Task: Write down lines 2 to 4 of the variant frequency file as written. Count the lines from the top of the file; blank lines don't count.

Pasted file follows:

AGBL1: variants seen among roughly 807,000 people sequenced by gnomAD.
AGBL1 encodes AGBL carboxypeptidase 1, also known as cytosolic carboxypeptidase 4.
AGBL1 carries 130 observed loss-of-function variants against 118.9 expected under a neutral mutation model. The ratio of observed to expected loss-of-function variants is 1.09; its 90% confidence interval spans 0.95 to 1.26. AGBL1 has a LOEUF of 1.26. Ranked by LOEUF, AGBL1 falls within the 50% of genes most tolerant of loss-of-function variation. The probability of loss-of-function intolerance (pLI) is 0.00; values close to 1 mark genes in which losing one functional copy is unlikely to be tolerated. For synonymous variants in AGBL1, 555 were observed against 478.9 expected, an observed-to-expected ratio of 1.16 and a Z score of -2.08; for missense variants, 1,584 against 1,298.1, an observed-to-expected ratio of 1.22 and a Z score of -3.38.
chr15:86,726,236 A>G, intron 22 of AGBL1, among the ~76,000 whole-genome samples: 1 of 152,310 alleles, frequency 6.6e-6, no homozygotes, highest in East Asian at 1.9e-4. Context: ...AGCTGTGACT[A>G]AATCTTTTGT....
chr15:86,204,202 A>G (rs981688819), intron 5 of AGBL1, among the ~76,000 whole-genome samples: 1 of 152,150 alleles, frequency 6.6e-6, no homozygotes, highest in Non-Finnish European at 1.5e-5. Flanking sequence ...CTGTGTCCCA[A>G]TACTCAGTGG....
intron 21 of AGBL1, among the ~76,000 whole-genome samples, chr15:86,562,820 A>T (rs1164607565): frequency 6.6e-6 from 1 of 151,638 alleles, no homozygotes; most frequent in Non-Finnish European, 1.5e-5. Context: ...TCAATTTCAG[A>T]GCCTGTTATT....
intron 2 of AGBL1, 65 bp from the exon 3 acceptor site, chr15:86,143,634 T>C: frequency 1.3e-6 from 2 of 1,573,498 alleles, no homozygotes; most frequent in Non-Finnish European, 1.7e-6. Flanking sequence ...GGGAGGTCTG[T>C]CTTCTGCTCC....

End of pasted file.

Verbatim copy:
AGBL1 encodes AGBL carboxypeptidase 1, also known as cytosolic carboxypeptidase 4.
AGBL1 carries 130 observed loss-of-function variants against 118.9 expected under a neutral mutation model. The ratio of observed to expected loss-of-function variants is 1.09; its 90% confidence interval spans 0.95 to 1.26. AGBL1 has a LOEUF of 1.26. Ranked by LOEUF, AGBL1 falls within the 50% of genes most tolerant of loss-of-function variation. The probability of loss-of-function intolerance (pLI) is 0.00; values close to 1 mark genes in which losing one functional copy is unlikely to be tolerated. For synonymous variants in AGBL1, 555 were observed against 478.9 expected, an observed-to-expected ratio of 1.16 and a Z score of -2.08; for missense variants, 1,584 against 1,298.1, an observed-to-expected ratio of 1.22 and a Z score of -3.38.
chr15:86,726,236 A>G, intron 22 of AGBL1, among the ~76,000 whole-genome samples: 1 of 152,310 alleles, frequency 6.6e-6, no homozygotes, highest in East Asian at 1.9e-4. Context: ...AGCTGTGACT[A>G]AATCTTTTGT....